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CONNECT THE WORLD

Making a President: in Wax; Sean Spicer Holds Press Conference; Italian Rescuers Experience Weather Delays, Complications After Earthquake. 10:30a-11:00a ET

Aired January 19, 2017 - 10:00:00   ET

THIS IS A RUSH TRANSCRIPT. THIS COPY MAY NOT BE IN ITS FINAL FORM AND MAY BE UPDATED.


(SIMULCAST OF SEAN SPICER PRESS CONFERENCE)

[10:37:00] HANNAH VAUGHAN JONES, HOST: You have just been watching some live pictures, a live press conference there from Washington, Sean Spicer

take a good look -- or remember what he looks like, because you'll see a lot more of him in the months and years to come.

He is the incoming press secretary for Donald Trump.

Of course, we are just one day away from that inauguration for the 45th president.

Hello and welcome, you're watching Connect the World. I'm Hannah Vaughan Jones sitting in for Becky Anderson live in London.

Before Sean Spicer took to the podium there, we also go to hear from the incoming vice president, Mike Pence, he was praising the outgoing

administration of Barack Obama for their assistance in the transition. Mike Pence, of course, has been leading up the transition team. He

praised the transition team. He said that it's coming in under budget and ahead of time as well.

We've had a lot of nominations, new nominees to Donald Trump's cabinet announced just today. So, right at the very last minute. As Sean Spicer

was going through the rundown of what we can expect tomorrow talking about the schedule of events.

Donald Trump himself is expected to leave New York and head to Washington to the capital in the next couple of hours. He will, of course, be

preparing his inaugural speech, which we'll all be tuned in to tomorrow to come.

Interesting that Sean Spicer, his press secretary, said it will be less of an agenda and more of a philosophical vision. Interesting to see how that

goes down, particularly with many of Donald Trump's critics, especially as he's been keen to stress his whole administration to come has been keen to

stress that this is an agenda of real change that everyone in the Trump administration will be bringing in.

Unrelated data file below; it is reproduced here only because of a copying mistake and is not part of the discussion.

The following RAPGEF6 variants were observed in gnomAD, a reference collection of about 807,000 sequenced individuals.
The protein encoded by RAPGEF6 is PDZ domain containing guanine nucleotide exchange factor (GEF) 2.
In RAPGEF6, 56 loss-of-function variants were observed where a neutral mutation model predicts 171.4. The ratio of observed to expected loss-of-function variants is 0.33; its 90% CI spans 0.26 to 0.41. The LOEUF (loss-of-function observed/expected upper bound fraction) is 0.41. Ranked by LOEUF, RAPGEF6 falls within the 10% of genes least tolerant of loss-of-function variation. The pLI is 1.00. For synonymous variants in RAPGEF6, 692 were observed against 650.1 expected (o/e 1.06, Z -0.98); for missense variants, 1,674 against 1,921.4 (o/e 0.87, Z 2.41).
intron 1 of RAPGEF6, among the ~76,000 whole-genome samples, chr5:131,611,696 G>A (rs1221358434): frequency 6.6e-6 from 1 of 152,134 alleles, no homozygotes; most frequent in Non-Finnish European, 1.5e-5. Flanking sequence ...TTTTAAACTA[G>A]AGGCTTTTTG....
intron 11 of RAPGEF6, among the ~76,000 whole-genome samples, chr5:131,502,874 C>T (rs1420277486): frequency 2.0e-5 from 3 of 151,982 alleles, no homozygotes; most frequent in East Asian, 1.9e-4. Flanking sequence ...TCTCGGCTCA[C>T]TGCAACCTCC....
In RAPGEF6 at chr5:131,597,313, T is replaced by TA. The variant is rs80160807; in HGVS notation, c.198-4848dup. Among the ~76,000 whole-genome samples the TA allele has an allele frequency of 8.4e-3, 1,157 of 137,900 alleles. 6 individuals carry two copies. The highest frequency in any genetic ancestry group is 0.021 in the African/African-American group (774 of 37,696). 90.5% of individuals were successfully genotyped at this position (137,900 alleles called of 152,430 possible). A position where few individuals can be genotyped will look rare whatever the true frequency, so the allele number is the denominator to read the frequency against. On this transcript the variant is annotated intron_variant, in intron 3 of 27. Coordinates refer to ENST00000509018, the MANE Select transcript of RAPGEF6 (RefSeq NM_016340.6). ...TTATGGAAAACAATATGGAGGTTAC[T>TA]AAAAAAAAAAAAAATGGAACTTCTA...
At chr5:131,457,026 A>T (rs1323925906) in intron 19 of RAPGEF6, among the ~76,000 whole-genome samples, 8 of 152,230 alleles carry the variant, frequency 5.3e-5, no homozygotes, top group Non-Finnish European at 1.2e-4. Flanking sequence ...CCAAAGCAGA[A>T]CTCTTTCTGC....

Let's talk more about what we can expect now on Trump's first day as president.

Joining me now from Washington, CNN political analyst Josh Rogin and CNN political commentator Mary Katherine Ham. Rogin writes columns for The

Washington Post and Mary Katherine Ham is a senior writer for the Federalist.

Welcome to you both. I've seen you both have been listening in to Sean Spicer there, his first on camera briefing.

Mary, if I can come to you first. I'm interested to know what your perspective is an the mood of the press in Washington hearing the tone and

the rhetoric there from Sean Spicer?

MARY KATHERINE HAM, CNN POLITICAL COMMENTATOR: Well, at moments, of course, we have seen it has been contentious already, as you saw with CNN's

Jim Acosta getting into it with Trump at the first press conference. And I think that will be the tone a lot of the time, especially from the

principal, Trump, and that sort of trickles down to other people.

I'm not necessarily averse to that. He should push back on questions that he wants to push back on.

Sean Spicer here, I think, maybe sounding a little bit more encouraging to the press, just because this felt like a press conference that was like

normal business. It's not always going to be that way, but today it felt a little bit more like a normal exchange.

JONES: Josh, to you, Sean Spicer there saying about Donald Trump's inaugural speech that it's going to be less of an agenda, which is what he

said he's going to sort of -- you know, hit the ground running with getting things done when it comes to ISIS and repealing and replacing Obamacare,

but less of an agenda and more of a vision. How is that going to go down with the protesters, and of course, his supporters there in Washington?

ROSH ROGIN, CNN POLITICAL ANALYST: Well, I think what you're going to see from the speech is a lot similar to what you heard from Sean Spicer today.

There's not a lot of detail, there's not a lot of meat on the bone, and that's because the Trump incoming administration is still working ons those

details. They don't have their agenda set. And they don't know exactly how it's going to play out so they can't broadcast it during the

inauguration.

I mean, what we're seeing is an administration that's coming basically in with a small staff, going through a vetting process that has not gone very

smoothly, and is really engaged in battles across all lines -- they're battling with Democrats, they're battling with overseers, they're battling

with lawyers, they're battling with the press. So they're in a defensive, combative crouch and that's the position that they're going to take as they